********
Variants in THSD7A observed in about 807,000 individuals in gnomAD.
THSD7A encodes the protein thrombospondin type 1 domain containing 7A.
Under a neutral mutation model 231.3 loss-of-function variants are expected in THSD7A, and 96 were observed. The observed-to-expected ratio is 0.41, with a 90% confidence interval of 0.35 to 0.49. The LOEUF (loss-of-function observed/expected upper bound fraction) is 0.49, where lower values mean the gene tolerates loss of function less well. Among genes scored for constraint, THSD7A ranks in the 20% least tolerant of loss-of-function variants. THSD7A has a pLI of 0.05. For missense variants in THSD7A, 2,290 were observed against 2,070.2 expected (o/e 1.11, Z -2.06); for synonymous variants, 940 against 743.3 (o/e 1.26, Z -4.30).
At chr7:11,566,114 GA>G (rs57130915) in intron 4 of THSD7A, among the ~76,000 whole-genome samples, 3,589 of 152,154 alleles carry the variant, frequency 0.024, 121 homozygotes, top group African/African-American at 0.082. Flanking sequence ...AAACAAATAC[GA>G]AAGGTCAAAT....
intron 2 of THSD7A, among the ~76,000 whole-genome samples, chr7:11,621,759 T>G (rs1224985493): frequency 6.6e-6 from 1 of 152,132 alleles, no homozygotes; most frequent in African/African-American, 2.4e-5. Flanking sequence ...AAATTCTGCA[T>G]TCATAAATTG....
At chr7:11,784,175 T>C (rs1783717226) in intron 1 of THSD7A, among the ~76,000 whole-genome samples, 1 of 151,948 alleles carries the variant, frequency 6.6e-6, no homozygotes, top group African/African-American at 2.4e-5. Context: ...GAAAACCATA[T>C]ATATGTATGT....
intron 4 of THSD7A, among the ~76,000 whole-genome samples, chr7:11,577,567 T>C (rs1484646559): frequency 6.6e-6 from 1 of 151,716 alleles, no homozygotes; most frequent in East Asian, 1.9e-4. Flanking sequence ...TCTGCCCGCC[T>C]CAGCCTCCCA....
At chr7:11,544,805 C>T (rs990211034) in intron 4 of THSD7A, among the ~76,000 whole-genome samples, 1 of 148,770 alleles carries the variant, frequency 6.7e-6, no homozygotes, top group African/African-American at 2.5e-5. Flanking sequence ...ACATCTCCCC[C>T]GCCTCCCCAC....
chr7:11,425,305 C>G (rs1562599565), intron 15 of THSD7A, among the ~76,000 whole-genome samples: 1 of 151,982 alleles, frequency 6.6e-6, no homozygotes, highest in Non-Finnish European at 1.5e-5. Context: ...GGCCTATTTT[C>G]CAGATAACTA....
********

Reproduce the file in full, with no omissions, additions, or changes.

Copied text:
Variants in THSD7A observed in about 807,000 individuals in gnomAD.
THSD7A encodes the protein thrombospondin type 1 domain containing 7A.
Under a neutral mutation model 231.3 loss-of-function variants are expected in THSD7A, and 96 were observed. The observed-to-expected ratio is 0.41, with a 90% confidence interval of 0.35 to 0.49. The LOEUF (loss-of-function observed/expected upper bound fraction) is 0.49, where lower values mean the gene tolerates loss of function less well. Among genes scored for constraint, THSD7A ranks in the 20% least tolerant of loss-of-function variants. THSD7A has a pLI of 0.05. For missense variants in THSD7A, 2,290 were observed against 2,070.2 expected (o/e 1.11, Z -2.06); for synonymous variants, 940 against 743.3 (o/e 1.26, Z -4.30).
At chr7:11,566,114 GA>G (rs57130915) in intron 4 of THSD7A, among the ~76,000 whole-genome samples, 3,589 of 152,154 alleles carry the variant, frequency 0.024, 121 homozygotes, top group African/African-American at 0.082. Flanking sequence ...AAACAAATAC[GA>G]AAGGTCAAAT....
intron 2 of THSD7A, among the ~76,000 whole-genome samples, chr7:11,621,759 T>G (rs1224985493): frequency 6.6e-6 from 1 of 152,132 alleles, no homozygotes; most frequent in African/African-American, 2.4e-5. Flanking sequence ...AAATTCTGCA[T>G]TCATAAATTG....
At chr7:11,784,175 T>C (rs1783717226) in intron 1 of THSD7A, among the ~76,000 whole-genome samples, 1 of 151,948 alleles carries the variant, frequency 6.6e-6, no homozygotes, top group African/African-American at 2.4e-5. Context: ...GAAAACCATA[T>C]ATATGTATGT....
intron 4 of THSD7A, among the ~76,000 whole-genome samples, chr7:11,577,567 T>C (rs1484646559): frequency 6.6e-6 from 1 of 151,716 alleles, no homozygotes; most frequent in East Asian, 1.9e-4. Flanking sequence ...TCTGCCCGCC[T>C]CAGCCTCCCA....
At chr7:11,544,805 C>T (rs990211034) in intron 4 of THSD7A, among the ~76,000 whole-genome samples, 1 of 148,770 alleles carries the variant, frequency 6.7e-6, no homozygotes, top group African/African-American at 2.5e-5. Flanking sequence ...ACATCTCCCC[C>T]GCCTCCCCAC....
chr7:11,425,305 C>G (rs1562599565), intron 15 of THSD7A, among the ~76,000 whole-genome samples: 1 of 151,982 alleles, frequency 6.6e-6, no homozygotes, highest in Non-Finnish European at 1.5e-5. Context: ...GGCCTATTTT[C>G]CAGATAACTA....